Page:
Block on Trump's Asylum Ban Upheld by Supreme Court
A California bill making its way through the legislature is stirring up controversy both locally and nationally. The controversy is over the proposed sanctuary state bill, SB54, which would make the entire state of California a sanctuary state for immigrants. While there are already some protections in the state for immigrants from federal immigration enforcement, the new bill seeks to expand those protections.
In short, the bill would require state law enforcement agencies, including police departments, sheriff departments, state prisons, and county jails, to not assist in, or commit resources to, federal immigration enforcement actions, except in very limited scenarios. Not surprisingly, opponents of the bill claim that sanctuaries lead to increased crime, while proponents assert that sanctuaries actually lead to decreased crime and improved criminal justice.
Although the phrase sanctuary state may make some people think that immigrants will be immune from criminal prosecution, that is far from the truth. Immigrants, like all other citizens, are still subject to state and federal criminal law enforcement. Additionally, immigrants that violate immigration laws can still be investigated, prosecuted, and deported in a sanctuary state. The primary difference is that in sanctuary states and cities, the local law enforcement is not allowed to use state resources to assist federal immigration enforcement in enforcing immigration laws.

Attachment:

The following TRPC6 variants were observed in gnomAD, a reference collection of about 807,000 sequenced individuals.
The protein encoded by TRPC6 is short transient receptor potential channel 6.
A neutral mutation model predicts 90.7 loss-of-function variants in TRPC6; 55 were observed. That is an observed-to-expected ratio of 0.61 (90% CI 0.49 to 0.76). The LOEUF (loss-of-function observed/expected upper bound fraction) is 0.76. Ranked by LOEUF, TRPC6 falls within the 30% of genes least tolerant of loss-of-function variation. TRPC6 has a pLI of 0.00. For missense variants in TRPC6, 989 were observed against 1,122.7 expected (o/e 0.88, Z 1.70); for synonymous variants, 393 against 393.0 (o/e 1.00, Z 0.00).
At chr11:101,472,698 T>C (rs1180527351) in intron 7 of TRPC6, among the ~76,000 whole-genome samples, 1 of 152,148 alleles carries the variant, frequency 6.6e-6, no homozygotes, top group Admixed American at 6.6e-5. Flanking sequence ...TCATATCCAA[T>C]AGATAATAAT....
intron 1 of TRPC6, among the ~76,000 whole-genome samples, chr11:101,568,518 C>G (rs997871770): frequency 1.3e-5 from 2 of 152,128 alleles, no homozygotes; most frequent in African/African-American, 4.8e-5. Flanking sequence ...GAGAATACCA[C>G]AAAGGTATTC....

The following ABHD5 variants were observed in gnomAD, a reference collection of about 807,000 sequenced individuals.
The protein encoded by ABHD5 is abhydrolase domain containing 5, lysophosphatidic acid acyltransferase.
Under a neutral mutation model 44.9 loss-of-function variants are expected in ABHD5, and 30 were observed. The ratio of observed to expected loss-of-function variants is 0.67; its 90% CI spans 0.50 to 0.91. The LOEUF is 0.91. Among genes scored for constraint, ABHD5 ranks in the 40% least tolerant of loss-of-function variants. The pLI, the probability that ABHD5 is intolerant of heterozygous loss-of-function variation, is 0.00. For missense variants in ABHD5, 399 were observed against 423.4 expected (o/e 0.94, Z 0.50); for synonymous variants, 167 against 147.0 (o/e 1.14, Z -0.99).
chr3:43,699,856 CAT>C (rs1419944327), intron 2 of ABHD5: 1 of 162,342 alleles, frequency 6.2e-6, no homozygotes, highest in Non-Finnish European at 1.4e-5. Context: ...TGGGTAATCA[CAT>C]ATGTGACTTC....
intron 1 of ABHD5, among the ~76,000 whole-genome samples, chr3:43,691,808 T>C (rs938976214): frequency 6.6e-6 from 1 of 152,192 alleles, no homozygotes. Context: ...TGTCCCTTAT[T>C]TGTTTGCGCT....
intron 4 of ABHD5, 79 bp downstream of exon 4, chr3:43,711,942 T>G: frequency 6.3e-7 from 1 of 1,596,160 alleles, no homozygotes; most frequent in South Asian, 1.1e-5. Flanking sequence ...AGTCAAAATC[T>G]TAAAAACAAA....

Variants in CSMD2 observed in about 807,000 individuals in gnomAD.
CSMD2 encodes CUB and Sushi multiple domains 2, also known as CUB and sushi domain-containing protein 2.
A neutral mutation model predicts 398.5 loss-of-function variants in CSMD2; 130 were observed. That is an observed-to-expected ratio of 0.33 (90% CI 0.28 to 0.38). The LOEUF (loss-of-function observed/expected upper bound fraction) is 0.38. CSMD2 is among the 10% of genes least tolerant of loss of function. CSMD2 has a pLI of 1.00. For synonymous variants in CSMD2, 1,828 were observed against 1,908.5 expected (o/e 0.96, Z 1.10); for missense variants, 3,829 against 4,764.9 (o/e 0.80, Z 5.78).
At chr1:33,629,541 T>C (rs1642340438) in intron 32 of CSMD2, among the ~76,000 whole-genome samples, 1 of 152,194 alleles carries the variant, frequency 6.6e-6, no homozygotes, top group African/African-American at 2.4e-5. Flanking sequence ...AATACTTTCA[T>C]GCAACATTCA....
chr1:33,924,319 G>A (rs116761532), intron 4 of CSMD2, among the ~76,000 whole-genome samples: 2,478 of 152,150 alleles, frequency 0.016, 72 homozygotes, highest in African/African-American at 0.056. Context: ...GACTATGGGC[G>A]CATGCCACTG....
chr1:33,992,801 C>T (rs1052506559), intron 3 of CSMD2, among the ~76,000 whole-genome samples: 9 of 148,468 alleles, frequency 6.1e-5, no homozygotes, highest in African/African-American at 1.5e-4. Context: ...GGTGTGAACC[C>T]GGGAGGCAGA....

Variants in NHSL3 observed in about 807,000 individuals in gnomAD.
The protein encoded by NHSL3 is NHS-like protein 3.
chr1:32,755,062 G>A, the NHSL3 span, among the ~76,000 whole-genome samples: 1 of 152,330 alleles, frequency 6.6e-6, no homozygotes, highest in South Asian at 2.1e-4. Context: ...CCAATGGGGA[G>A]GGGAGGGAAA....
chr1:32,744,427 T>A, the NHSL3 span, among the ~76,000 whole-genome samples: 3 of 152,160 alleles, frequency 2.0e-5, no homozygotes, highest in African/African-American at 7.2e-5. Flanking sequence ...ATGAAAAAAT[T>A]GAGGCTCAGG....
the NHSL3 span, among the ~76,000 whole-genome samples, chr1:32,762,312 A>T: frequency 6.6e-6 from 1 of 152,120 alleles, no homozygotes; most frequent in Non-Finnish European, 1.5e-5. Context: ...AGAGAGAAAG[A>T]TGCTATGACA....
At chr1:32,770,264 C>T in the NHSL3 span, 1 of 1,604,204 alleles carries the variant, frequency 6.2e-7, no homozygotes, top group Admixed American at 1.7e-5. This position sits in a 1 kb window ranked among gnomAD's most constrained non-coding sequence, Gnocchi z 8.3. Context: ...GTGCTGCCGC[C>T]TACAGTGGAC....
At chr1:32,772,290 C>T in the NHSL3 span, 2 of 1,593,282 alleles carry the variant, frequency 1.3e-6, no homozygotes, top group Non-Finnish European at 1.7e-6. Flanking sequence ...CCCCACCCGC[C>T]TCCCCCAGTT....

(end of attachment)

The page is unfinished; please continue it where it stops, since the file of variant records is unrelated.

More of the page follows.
The purpose behind enacting sanctuary policies is to ensure that all persons have access to police assistance. An undocumented immigrant in a sanctuary city, or state, can call the police, or serve as a witness, without fear of being turned over to the feds and being deported. Although a state cannot actually prevent the feds from doing their jobs that does not mean state authorities have to assist the feds. Another important aspect of the bill would prohibit state and local law enforcement from entering immigration information into law enforcement databases, which the feds have access to.
For the state of California, one of the risks involved with passing the statewide sanctuary bill involves federal funding. Traditionally, the federal government has used a state's federal funding as a mechanism to get states to fall in line with federal policies or mandates.
However, California will not be alone if the feds do try to extort action. Other states have sanctuary policies, and countless counties and cities do too.
Meeting with a lawyer can help you understand your options and how to best protect your rights. Visit our attorney directory to find a lawyer near you who can help.